If you’re just investing for fun and only want to buy a handful of stocks, then any reputable online broker will work fine. But if you’re thinking long-term and would like to take advantage of other types of investments, then a full-service broker might be a better way to go.
Sometimes when an individual stock costs too much to buy, most brokers will now let you buy what’s called a fractional share. This is where you buy a fraction of a stock share based on the dollar amount you’d like to invest. This is particularly helpful for big-name companies where a share may cost hundreds or even thousands of dollars.
Mutual Funds and ETFs
If you’d like to invest in dozens or even hundreds of stocks all at the same time, then a good alternative would be to purchase either a mutual fund or an ETF.
- Mutual funds are collections of securities (stocks, bonds, etc.). The funds are created using money that’s pooled together from groups of investors. Individuals can buy shares of mutual funds and this lets them capitalize off of this larger group of assets.
- ETFs (exchange-traded funds) are similar in design to mutual funds. However, the major difference is that your shares can be traded in the open stock market.
Mutual funds and ETFs are available through most full-service brokerages. Because ETFs trade just like stocks, many online brokers will also carry them.
Another popular method of investing in stocks is to use what’s called a robo-advisor. Robo-advisors are financial platforms that automatically pick your stocks and investments based on a few simple questions about your goals and tolerance for risk. Everything is controlled through an app, and there’s little to no human interaction involved.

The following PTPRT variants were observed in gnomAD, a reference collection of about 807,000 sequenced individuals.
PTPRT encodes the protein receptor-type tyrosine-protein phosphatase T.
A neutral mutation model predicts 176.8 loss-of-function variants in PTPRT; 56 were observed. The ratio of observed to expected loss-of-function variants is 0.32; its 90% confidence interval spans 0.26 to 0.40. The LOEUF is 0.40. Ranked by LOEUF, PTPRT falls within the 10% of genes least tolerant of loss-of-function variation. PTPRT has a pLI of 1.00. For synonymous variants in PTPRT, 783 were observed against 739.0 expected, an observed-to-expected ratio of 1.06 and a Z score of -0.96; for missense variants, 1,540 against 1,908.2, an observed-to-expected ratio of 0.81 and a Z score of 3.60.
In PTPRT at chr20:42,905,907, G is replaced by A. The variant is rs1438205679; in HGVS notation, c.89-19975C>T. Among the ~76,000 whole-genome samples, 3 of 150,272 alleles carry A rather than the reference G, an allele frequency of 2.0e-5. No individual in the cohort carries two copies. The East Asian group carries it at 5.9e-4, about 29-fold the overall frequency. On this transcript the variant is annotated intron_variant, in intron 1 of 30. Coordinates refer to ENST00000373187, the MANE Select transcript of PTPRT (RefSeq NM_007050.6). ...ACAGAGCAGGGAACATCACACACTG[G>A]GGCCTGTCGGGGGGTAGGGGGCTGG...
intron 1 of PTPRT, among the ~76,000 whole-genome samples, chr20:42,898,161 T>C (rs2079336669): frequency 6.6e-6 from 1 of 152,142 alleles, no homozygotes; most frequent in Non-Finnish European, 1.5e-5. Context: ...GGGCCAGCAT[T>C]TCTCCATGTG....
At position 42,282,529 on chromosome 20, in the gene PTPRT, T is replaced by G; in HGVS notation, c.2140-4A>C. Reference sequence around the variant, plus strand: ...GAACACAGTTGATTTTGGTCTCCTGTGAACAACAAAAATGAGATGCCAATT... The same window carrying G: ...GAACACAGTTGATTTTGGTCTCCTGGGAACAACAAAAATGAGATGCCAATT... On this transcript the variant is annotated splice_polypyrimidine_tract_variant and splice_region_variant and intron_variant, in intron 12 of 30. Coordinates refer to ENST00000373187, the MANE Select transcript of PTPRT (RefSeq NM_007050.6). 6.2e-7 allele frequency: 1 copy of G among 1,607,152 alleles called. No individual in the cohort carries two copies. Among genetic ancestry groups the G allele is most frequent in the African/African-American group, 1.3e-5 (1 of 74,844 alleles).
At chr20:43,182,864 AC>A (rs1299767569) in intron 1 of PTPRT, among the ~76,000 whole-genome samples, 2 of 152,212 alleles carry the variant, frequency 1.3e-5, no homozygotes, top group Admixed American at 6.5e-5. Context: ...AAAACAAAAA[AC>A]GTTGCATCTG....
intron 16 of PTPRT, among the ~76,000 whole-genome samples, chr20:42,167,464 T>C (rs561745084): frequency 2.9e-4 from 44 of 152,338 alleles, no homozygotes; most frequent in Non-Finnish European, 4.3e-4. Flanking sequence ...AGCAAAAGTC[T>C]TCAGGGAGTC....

In recent years, robo-advisors have gained a lot of traction thanks to their simplicity, low cost, and low minimum balances (some even making them zero). However, they can also be very inflexible, and investors need to remember that you’re relying on a computer for investment advice. Regardless, if you’re interested in checking them, then have a look at apps like Betterment, So-Fi, and Wealthfront.
Whether it’s individual stocks, mutual funds, or ETFs you’d like to own, one set of tools that everyone should consider using for their investments are retirement accounts. Retirement accounts are just like traditional brokerage accounts but with one major advantage: Lower taxes.
When you invest in a traditional-style account like a 401k or IRA, you’ll defer paying taxes on your contributions and earnings. Taxes won’t be due until one day in the future when you withdraw the funds to use as a replacement for your working income.
With a Roth-style account, the tax savings are applied at the back end. Contributions are taxed, but then any gains and future withdrawals are tax-free once you retire.
You can set up an IRA at virtually any financial institution of your choice and invest in practically any financial product you’d like – including individual stocks. The investment options for 401k plans are usually pre-defined and may or may not include the ability to buy individual stocks.
Whether you decide to invest with a traditional broker or through a retirement plan, chances are you’ll eventually have more than one account to keep track of. This is where an app like Buxfer can help. Buxfer can sync with over 20,000 financial institutions and automatically imports all of your latest balances into one place so you’ll always know how they’re doing.